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Innovative Education

Q&A — Creating a Personalized Path for Academic Success

Dorothy Lewis answered a few questions about her team’s faculty development efforts designed to facilitate the academic success of Houston Methodist researchers.

Dorothy Lewis (top row, left) and Colleen Williams (bottom row, middle) facilitating the research management overview workshop
With an illustrious career as a scientist spanning over three decades, Dorothy Lewis has achieved recognition for publishing high-quality publications, getting meritorious research funding and running a successful laboratory. But throughout her professional life, Lewis has always been driven by a passion for helping others succeed in their academic pursuits. Now, in her career’s second inning, she, along with Colleen Williams, manages the faculty development efforts at Houston Methodist. Lewis spoke about some of the challenges faced by faculty members and the efforts made at Houston Methodist to support the research staff in their academic endeavors.
When did you realize that mentoring and helping academics develop skills to succeed professionally was one of your callings? It was quite early in my career. The labs I worked in as a graduate student and postdoctoral were really formative because I was surrounded by really smart people, but during my postdoctoral, for instance, my scientific mentor was gone all the time. I had to figure out a lot of things on my own without much mentoring or guidance. I vowed then to do something to help people when I became a lab head, especially women and underrepresented minorities. When I was in graduate school, there were hardly any women professors. Graduate students and postdocs certainly need mentoring since they are in the process of developing their scientific skills. But aren’t assistant professors ready to dive right into their role as junior faculty? It's a really hard transition to becoming an assistant professor. There are all these things they are expected to do beyond science and research. These talented people probably made a scientific discovery that got them hired, but then they're just thrown into the role of faculty and are expected to have all kinds of management skills, like how to run a lab, how to make budgets and how to hire people. And that's actually when most women and underrepresented minorities drop out. I see a real opportunity to make a difference in this transition stage and am delighted to help our faculty at Houston Methodist. Could you give us a taste of the kind of faculty development services offered at Houston Methodist? Our team offers a variety of interactive workshops, like clinical research billing, concept to commercialization, grant and bio-sketch development, and leading in the lab. My team provides a “concierge service” to our faculty – so whatever they need, if they reach out to us, they're going to get a class, personalized mentoring or a professional contact. Leading in the lab sounds like an interesting class, could you tell us a little about it? Most, if not all, assistant professors have never taken a management class. How would they know how to run a lab or budget? Let's say they have $5,000 a month to spend, they have to know how to budget that amount correctly. They need to figure out how to hire people for their lab, and how to manage graduate students and postdocs. Also, the more successful you are, the more people join your lab, and it can be very difficult to handle many people and your time successfully. Leading in the lab is help with developing strategies for all the things assistant professors have to take care of that aren't really science-related. You mentioned personalized mentoring. Are these one-on-one sessions? What do you provide help with? Yes, they are one-on-one sessions, and I try to customize my mentoring depending on the level the faculty are at. For example, those who are more advanced in their careers might be interested in talking through their manuscripts or grants. I'm a good editor, but I'm also a person who was chair of a study section, and I’ve read thousands of grants during my career. And so, I encourage faculty to explain their grant to me so that they can identify and fill in any logical gaps that might be in their proposals. On the other hand, a junior faculty may need help with setting up a lab or managing students. And when faculty succeed, how does that feel, when they get their first grant perhaps? I know it sounds trite and corny, but when I find out somebody's got their grant, that's the best feeling in the world. I get a note saying, “Thank you so much, Dr. Lewis, for your help.” To me, that's the biggest deal. That's the reward! We celebrate together. To learn more about workshops, seminars and other services provided by Lewis and her team, please visit the Houston Methodist Faculty Development page.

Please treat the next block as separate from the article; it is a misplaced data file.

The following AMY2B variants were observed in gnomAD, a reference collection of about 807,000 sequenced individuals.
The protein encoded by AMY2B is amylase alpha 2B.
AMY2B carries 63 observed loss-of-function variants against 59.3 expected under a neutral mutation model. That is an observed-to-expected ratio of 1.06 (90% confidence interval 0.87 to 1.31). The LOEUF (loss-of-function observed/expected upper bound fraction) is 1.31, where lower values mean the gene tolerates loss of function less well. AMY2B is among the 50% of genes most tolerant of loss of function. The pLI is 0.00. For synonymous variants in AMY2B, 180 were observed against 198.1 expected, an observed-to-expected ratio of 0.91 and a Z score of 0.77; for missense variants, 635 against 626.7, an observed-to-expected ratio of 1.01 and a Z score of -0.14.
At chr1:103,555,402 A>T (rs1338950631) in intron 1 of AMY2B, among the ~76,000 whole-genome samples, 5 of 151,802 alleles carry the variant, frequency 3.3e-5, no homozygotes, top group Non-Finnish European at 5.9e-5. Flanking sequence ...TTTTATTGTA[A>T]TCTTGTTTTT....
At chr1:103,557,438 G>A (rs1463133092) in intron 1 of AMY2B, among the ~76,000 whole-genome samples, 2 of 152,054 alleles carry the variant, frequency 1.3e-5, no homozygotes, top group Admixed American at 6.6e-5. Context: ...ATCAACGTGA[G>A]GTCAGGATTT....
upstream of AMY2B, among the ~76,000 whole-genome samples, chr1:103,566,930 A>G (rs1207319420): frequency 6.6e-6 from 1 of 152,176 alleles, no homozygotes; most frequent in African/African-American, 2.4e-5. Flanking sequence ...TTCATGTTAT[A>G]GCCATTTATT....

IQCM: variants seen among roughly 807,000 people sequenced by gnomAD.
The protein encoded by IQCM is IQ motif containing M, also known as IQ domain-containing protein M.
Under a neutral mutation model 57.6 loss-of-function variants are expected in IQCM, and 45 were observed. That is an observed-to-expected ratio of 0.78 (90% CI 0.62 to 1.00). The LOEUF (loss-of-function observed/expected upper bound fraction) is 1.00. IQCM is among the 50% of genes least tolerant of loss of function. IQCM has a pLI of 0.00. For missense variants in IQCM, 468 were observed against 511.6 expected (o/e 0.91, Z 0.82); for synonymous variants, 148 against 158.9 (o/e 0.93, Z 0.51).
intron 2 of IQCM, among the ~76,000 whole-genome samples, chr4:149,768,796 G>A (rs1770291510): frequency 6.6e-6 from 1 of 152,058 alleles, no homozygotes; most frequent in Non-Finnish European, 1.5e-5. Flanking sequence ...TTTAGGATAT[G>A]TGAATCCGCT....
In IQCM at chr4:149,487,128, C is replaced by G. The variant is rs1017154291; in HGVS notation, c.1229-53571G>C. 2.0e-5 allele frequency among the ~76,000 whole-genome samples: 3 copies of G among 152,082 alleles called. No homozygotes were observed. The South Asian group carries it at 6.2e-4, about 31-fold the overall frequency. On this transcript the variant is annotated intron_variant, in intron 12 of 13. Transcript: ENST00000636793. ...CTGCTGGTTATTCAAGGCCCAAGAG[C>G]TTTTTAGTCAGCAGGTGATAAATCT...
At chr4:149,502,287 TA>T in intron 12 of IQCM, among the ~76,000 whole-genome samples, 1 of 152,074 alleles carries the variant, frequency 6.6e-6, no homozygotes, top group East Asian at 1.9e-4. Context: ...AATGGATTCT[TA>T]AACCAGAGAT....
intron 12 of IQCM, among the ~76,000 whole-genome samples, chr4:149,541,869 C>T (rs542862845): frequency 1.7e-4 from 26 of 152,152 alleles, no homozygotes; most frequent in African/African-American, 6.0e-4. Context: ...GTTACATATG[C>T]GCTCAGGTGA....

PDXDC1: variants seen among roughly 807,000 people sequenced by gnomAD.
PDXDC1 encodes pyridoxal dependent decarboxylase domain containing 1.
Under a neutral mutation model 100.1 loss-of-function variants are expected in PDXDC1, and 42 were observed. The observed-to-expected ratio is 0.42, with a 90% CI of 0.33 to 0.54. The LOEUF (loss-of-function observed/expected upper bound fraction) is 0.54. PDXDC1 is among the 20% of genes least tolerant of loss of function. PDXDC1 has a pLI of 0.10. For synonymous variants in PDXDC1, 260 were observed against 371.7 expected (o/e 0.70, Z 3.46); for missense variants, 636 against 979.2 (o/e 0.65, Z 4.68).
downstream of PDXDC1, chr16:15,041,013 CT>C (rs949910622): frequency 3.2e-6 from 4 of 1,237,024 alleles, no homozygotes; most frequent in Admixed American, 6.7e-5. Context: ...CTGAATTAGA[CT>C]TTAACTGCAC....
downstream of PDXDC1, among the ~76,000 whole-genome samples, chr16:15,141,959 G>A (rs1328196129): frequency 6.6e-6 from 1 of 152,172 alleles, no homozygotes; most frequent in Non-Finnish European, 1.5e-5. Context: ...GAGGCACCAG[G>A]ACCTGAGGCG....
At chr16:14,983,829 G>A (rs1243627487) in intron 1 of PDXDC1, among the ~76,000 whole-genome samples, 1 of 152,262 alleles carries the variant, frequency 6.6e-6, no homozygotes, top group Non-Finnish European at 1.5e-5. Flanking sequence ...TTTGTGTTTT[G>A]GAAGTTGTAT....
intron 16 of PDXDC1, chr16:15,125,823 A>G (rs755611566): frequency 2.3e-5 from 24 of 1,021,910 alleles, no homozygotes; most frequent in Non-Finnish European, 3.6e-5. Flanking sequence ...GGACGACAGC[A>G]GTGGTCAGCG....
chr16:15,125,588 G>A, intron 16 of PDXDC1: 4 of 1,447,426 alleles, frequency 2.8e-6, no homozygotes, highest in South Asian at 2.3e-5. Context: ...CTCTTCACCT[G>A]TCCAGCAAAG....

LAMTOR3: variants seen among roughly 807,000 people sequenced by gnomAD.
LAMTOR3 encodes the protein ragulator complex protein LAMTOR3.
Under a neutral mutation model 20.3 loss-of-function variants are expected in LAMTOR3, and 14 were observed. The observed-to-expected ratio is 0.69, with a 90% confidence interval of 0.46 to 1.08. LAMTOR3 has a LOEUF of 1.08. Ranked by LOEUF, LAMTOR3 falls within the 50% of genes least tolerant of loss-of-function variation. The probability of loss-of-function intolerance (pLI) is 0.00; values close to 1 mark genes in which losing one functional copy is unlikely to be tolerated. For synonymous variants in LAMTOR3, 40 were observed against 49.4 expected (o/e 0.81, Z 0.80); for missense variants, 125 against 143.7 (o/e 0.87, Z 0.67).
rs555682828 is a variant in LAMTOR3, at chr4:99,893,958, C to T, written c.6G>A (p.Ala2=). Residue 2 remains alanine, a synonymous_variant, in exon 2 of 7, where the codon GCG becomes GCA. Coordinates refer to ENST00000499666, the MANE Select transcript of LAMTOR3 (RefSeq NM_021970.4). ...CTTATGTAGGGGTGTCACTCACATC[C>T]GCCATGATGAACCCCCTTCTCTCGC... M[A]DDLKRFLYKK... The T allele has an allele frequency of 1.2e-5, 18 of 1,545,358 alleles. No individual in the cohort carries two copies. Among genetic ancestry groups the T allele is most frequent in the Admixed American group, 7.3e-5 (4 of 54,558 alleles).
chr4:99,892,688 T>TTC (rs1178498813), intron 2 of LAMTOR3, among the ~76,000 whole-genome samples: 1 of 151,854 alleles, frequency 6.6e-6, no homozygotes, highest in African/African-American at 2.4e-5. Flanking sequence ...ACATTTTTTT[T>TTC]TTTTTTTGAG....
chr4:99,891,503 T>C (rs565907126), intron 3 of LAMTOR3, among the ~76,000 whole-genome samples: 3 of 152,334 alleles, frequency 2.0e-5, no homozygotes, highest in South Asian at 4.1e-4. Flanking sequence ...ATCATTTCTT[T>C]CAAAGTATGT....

Vandana Suresh, PhD, June 2022
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